Lindane for Lice

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Lindane for Lice


Generic NameBrand Name
lindaneHexit, PMS-Lindane

Lindane is available over-the-counter as a lotion or shampoo to treat lice. Treatment needs to be repeated 1 week after the first dose.

Lindane can cause serious side effects if you do not use it exactly as directed. Lindane lotion or cream (for pubic lice) should be applied and rubbed into cool, dry skin and hair. If it is applied to warm, moist skin (such as right after a bath or shower), it will be absorbed quickly by the skin and could cause side effects. The lotion is left on for 8 to 12 hours and then washed off.

Lindane shampoo (for head lice) is applied to dry hair and thoroughly rubbed into the hair and scalp. It is left on for 4 minutes, worked into a lather with a small amount of water, and rinsed well.

How It Works

Lindane kills lice but does not kill lice eggs (nits).

Why It Is Used

Lindane is sometimes used when other products fail to get rid of lice or when a person can't use any of the other products.

Lindane should not be used by women who are pregnant or breast-feeding, small children, people who have seizure disorders, or people who have certain skin diseases that may increase the likelihood that the product will be absorbed into their skin.

How Well It Works

Lindane can be effective at treating head and pubic lice.

In some places, lice have become resistant to lindane. So lindane may not work as well as other treatments for lice.

Side Effects

All medicines have side effects. But many people don't feel the side effects, or they are able to deal with them. Ask your pharmacist about the side effects of each medicine you take. Side effects are also listed in the information that comes with your medicine.

Here are some important things to think about:

  • Usually the benefits of the medicine are more important than any minor side effects.
  • Side effects may go away after you take the medicine for a while.
  • If side effects still bother you or your child and you wonder if you or your child should keep taking the medicine, call your doctor. He or she may be able to lower your dose or change your medicine. Do not suddenly quit taking your medicine unless your doctor tells you to.

Call 911 or other emergency services right away if you or your child has:

  • Trouble breathing.
  • Hives.
  • Swelling of the face, lips, tongue, or throat.

Call your doctor right away if you or your child has:

  • Seizures.
  • A feeling of being dizzy or unsteady.
  • Fast heartbeat.
  • Fussiness, grouchiness, or restlessness.
  • Vomiting.

Lindane can cause serious nervous system side effects if you do not use it exactly as directed.

See Drug Reference for a full list of side effects. (Drug Reference is not available in all systems.)

What To Think About

Lindane is a poison. It can cause harm if it's swallowed or absorbed into the skin. Do not use more of it, do not use it more often, and do not use it for a longer time than your doctor tells you to. Keep it away from the eyes and mouth.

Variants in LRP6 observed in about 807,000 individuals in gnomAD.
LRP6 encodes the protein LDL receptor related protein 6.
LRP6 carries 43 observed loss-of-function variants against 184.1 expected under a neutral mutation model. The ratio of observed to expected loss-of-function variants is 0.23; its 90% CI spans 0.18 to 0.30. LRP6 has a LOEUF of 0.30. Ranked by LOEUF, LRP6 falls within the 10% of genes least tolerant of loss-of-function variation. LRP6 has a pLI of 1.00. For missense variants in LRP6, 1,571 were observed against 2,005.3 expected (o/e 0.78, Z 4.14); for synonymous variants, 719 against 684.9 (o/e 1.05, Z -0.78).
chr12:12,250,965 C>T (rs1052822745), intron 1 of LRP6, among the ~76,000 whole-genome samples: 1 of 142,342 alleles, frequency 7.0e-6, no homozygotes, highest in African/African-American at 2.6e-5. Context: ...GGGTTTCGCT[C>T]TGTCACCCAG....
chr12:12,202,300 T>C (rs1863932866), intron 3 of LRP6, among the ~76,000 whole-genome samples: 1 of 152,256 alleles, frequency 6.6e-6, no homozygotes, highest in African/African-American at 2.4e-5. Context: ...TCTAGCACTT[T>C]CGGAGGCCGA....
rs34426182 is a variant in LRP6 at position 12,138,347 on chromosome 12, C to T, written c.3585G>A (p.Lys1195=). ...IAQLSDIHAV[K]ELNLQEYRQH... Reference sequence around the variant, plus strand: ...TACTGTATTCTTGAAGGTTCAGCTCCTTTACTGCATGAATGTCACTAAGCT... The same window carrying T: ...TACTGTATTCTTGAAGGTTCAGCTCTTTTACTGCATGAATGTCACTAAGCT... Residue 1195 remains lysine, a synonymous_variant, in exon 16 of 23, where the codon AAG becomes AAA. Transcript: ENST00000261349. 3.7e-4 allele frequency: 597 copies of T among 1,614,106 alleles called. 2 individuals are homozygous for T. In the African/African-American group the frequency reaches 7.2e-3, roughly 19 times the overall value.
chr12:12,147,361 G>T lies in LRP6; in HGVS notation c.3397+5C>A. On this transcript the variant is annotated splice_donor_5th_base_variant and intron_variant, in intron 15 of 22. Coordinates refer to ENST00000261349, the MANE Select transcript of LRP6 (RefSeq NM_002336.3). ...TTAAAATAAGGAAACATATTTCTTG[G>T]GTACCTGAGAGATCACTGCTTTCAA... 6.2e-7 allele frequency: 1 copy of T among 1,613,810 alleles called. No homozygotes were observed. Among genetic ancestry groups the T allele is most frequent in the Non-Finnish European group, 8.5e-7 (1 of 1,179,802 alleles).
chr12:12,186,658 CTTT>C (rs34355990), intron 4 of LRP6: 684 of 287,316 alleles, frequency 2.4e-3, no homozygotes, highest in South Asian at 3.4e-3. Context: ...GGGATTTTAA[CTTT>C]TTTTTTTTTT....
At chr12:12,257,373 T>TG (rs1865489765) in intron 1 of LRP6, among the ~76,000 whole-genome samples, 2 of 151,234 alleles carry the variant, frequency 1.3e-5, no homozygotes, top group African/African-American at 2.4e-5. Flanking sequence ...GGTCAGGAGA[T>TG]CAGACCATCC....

If you have a seizure disorder or if you have certain skin conditions, do not use lindane.

Experts advise that this product be used exactly as labelled. Although most of the side effects reported from this product are from misuse and overuse, it does contain potentially harmful toxins.

Itching may last for 7 to 10 days after treatment. But itching is not a reason to use the product again. Overuse of lice products (such as using the product more often than it was prescribed) can irritate the skin and may increase the risk of side effects.

Taking medicine

Medicine is one of the many tools your doctor has to treat a health problem. Taking medicine as your doctor suggests will improve your health and may prevent future problems. If you don't take your medicines properly, you may be putting your health (and perhaps your life) at risk.

There are many reasons why people have trouble taking their medicine. But in most cases, there is something you can do. For suggestions on how to work around common problems, see the topic Taking Medicines as Prescribed.

Advice for women

If you are pregnant, breast-feeding, or planning to get pregnant, do not use any medicines unless your doctor tells you to. Some medicines can harm your baby. This includes prescription and over-the-counter medicines, vitamins, herbs, and supplements. And make sure that all your doctors know that you are pregnant, breast-feeding, or planning to get pregnant.


Follow-up care is a key part of your treatment and safety. Be sure to make and go to all appointments, and call your doctor if you are having problems. It's also a good idea to know your test results and keep a list of the medicines you take.

Complete the new medication information form (PDF) (What is a PDF document?) to help you understand this medication.


By Healthwise Staff
Primary Medical Reviewer Kathleen Romito, MD - Family Medicine
Primary Medical Reviewer Donald Sproule, MD, CM, CCFP, FCFP - Family Medicine
Specialist Medical Reviewer Susan C. Kim, MD - Pediatrics
Last Revised January 28, 2011

This information does not replace the advice of a doctor. Healthwise, Incorporated disclaims any warranty or liability for your use of this information.